Duke of York's Theatre
St Martin's Lane, London
Previewed: 9 May 2017
Opened: 15 May 2017
Closes: 2 September 2017
Buy tickets: 0844 847 1722 or1: Buy tickets online
Nearest Tube: Leicester Square
Monday at 7.30pm
Tuesday at 7.30pm
Wednesday at 2.30pm and 7.30pm
Thursday at 7.30pm
Friday at 7.30pm
Saturday at 2.30pm and 7.30pm
Sunday no show
Runs ? hours and ? minutes
£? to £?
(plus booking fees if applicable)
The acclaimed new musical by Lee Hall Our Ladies of Perpetual Succour in London - featuring the songs of ELO - for a strictly limited season
Adapted for the stage by Lee Hall from Alan Warner's novel The Sopranos, Our Ladies of Perpetual Succour is the story of six Catholic choir girls from Oban who are let loose in Edinburgh for one day only.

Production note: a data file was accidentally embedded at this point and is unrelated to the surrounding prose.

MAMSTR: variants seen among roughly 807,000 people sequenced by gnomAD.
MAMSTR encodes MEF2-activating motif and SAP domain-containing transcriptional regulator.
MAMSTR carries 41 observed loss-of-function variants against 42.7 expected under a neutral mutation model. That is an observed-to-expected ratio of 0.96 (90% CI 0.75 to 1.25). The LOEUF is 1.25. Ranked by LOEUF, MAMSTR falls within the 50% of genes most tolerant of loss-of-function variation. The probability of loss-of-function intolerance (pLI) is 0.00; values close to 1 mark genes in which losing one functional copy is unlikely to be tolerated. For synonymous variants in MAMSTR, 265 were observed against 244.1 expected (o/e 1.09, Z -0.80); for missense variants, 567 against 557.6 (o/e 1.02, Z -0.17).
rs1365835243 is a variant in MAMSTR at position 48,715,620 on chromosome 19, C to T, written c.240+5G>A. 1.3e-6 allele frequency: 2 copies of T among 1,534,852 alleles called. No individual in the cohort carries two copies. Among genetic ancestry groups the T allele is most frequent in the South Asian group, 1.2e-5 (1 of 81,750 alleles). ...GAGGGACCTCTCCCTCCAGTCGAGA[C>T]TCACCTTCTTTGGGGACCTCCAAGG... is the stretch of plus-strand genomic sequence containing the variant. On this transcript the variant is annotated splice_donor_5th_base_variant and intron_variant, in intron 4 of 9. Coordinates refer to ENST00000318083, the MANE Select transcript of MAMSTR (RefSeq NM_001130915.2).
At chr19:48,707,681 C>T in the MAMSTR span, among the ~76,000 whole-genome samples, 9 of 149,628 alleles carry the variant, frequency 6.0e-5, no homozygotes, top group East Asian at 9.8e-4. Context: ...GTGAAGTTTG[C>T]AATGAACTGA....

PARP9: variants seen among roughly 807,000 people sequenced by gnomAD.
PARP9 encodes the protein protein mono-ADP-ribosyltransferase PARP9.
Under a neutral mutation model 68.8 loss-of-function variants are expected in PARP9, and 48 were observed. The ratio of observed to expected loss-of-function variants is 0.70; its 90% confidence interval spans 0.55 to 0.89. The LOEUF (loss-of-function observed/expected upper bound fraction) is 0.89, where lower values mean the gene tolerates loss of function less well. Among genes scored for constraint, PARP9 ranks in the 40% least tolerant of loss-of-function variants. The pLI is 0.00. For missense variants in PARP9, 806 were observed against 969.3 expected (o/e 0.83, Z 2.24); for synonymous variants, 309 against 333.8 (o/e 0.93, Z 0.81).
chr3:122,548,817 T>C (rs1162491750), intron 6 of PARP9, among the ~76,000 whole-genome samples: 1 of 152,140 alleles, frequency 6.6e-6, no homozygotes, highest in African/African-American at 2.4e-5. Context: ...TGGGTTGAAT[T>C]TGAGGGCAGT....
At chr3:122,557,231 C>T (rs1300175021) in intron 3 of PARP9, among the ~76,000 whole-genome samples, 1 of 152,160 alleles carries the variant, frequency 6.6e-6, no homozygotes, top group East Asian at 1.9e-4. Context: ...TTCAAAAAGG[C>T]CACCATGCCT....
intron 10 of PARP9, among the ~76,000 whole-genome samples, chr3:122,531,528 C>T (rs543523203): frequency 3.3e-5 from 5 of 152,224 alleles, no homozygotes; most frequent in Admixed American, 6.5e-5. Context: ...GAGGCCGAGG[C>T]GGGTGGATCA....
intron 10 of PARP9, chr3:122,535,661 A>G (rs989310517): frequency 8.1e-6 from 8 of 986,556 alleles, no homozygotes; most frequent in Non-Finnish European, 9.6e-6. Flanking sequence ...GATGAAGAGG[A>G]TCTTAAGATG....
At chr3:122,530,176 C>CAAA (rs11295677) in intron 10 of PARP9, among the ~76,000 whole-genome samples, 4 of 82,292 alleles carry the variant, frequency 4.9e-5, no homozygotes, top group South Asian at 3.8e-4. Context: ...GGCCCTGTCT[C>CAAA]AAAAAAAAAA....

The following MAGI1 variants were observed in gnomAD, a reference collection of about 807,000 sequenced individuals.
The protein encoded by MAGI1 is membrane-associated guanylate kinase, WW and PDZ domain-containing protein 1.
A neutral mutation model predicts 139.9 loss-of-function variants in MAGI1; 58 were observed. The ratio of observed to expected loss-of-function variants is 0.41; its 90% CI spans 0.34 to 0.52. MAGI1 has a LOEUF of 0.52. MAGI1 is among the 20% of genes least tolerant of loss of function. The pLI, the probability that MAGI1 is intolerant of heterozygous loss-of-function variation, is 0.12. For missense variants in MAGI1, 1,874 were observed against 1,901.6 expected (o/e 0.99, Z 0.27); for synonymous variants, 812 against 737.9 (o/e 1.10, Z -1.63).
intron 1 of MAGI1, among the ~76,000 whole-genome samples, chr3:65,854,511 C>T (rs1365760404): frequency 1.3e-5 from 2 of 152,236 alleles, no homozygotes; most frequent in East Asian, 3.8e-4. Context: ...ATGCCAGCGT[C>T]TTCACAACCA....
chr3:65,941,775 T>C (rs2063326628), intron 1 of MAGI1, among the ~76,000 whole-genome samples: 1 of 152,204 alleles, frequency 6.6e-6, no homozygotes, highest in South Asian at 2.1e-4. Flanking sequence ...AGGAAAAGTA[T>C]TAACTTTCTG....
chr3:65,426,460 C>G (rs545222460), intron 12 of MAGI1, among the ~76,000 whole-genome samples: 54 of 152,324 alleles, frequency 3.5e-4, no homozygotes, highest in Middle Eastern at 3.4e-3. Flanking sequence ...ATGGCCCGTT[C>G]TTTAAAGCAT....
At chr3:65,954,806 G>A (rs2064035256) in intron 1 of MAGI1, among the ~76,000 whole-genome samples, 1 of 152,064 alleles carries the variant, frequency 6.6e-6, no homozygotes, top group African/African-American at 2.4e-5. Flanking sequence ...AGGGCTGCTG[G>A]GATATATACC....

The cast features Caroline Deyga, Karen Fishwick, Isis Hainsworth, Kirsty MacLaren, Frances Mayli McCann and Dawn Sievewright. Adapted for the stage from Alan Warner's novel by Lee Hall and featuring the songs of the Electric Light Orchestra. Directed by Vicky Featherstone with choreography by Imogen Knight, designs by Chloe Lamford, lighting by Lizzie Powell and sound by Mike Walker. This production premiered at the Edinburgh Festival Fringe in August 2015 and it comes into London's West End following a sell-out season at the National Theatre (Dorfman Theatre previewed from 8 August 2016, opened on 10 August 2016 and closed on 1 October 2016 performed in repertory). PLEASE NOTE: Contains strong language.